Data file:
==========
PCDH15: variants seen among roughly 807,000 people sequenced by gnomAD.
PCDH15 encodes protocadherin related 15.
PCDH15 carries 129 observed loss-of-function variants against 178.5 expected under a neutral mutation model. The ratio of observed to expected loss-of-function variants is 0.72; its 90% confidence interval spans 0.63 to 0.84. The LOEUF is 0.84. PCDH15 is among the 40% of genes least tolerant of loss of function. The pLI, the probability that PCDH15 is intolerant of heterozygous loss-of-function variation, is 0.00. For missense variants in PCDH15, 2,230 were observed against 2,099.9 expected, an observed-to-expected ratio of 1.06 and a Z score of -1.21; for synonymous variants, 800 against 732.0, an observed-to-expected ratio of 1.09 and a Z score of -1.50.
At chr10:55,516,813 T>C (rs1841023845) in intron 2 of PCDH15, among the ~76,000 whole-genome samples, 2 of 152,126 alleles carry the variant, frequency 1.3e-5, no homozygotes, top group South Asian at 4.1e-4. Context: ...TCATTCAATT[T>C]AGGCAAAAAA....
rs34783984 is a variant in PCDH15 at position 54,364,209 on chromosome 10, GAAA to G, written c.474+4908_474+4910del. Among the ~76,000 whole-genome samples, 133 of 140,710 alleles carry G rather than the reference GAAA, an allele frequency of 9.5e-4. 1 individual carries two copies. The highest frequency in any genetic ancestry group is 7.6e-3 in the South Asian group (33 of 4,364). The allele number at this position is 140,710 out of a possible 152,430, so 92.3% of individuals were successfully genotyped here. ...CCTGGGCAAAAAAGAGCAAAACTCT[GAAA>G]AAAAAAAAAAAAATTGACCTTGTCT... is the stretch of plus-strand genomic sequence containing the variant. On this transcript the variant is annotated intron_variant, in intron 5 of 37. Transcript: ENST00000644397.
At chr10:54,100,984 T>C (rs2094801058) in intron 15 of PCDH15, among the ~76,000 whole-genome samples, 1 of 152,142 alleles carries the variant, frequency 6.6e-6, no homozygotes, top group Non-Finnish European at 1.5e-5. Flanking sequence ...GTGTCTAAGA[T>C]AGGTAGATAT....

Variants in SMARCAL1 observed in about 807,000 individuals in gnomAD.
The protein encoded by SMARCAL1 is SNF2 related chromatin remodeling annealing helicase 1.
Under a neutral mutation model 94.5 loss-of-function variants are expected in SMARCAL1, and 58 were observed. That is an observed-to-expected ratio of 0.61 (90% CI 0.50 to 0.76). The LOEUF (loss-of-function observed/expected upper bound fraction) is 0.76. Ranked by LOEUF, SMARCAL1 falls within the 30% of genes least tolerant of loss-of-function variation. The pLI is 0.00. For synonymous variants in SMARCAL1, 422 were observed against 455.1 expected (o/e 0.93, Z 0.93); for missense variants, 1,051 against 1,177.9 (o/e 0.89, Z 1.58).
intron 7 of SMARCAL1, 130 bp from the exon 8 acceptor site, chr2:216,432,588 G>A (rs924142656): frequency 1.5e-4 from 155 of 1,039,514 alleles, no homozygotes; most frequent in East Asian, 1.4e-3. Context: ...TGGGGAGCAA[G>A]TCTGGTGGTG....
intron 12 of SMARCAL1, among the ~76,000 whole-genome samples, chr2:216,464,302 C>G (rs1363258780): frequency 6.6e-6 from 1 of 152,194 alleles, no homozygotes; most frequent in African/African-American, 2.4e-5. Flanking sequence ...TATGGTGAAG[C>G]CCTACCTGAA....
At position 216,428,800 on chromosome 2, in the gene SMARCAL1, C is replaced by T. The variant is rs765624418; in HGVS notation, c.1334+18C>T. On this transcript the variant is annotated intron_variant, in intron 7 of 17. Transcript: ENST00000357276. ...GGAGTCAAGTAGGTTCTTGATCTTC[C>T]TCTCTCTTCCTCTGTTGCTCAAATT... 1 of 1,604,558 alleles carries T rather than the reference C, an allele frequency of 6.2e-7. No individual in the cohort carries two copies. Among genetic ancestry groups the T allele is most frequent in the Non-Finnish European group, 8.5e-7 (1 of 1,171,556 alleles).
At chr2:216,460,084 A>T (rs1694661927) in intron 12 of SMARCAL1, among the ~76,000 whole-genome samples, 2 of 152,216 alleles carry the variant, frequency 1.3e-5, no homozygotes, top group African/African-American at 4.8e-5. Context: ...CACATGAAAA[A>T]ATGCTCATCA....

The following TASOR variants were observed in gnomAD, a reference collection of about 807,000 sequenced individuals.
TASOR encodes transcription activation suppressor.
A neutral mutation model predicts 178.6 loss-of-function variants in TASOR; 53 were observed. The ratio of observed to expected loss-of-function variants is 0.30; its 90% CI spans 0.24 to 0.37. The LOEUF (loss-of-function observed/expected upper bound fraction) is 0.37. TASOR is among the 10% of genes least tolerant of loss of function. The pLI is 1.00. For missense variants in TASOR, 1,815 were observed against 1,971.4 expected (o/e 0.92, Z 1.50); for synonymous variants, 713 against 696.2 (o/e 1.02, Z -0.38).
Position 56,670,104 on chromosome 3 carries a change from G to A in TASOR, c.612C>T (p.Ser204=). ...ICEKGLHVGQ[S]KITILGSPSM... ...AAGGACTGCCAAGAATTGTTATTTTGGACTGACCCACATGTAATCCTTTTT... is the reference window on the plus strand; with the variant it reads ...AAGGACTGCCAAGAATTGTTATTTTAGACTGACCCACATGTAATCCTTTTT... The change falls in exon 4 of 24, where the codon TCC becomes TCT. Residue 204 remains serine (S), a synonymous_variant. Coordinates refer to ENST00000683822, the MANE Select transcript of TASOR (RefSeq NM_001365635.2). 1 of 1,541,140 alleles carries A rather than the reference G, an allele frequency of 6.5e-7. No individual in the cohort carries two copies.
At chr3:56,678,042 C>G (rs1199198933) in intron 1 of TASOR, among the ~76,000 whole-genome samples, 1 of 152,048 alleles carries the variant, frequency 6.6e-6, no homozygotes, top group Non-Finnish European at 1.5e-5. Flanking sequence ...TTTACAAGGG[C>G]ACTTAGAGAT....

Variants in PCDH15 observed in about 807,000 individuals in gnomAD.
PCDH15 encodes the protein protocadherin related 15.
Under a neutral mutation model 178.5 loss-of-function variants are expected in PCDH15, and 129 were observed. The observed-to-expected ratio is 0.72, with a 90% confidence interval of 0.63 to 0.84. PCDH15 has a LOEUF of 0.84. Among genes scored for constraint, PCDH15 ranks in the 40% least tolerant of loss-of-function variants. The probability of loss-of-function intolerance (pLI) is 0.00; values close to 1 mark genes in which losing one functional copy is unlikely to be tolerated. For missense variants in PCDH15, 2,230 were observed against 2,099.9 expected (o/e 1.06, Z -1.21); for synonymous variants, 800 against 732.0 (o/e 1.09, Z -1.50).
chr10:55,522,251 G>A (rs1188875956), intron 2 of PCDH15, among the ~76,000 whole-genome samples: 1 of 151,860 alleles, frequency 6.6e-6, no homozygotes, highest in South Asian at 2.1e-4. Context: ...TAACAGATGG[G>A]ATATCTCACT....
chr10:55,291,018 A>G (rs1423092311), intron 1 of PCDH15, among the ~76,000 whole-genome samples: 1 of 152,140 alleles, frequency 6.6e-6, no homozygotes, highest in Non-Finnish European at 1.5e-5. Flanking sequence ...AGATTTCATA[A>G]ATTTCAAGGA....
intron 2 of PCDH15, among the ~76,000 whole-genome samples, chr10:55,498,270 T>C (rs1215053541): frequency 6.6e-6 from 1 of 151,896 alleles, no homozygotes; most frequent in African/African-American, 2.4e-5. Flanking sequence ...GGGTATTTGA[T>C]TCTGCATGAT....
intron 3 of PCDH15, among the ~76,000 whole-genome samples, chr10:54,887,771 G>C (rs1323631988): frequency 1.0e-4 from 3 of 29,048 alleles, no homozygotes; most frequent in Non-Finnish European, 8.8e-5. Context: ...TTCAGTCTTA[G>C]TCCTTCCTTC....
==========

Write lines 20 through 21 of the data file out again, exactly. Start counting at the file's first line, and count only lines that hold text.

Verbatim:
PCDH15 encodes the protein protocadherin related 15.
Under a neutral mutation model 178.5 loss-of-function variants are expected in PCDH15, and 129 were observed. The observed-to-expected ratio is 0.72, with a 90% confidence interval of 0.63 to 0.84. PCDH15 has a LOEUF of 0.84. Among genes scored for constraint, PCDH15 ranks in the 40% least tolerant of loss-of-function variants. The probability of loss-of-function intolerance (pLI) is 0.00; values close to 1 mark genes in which losing one functional copy is unlikely to be tolerated. For missense variants in PCDH15, 2,230 were observed against 2,099.9 expected (o/e 1.06, Z -1.21); for synonymous variants, 800 against 732.0 (o/e 1.09, Z -1.50).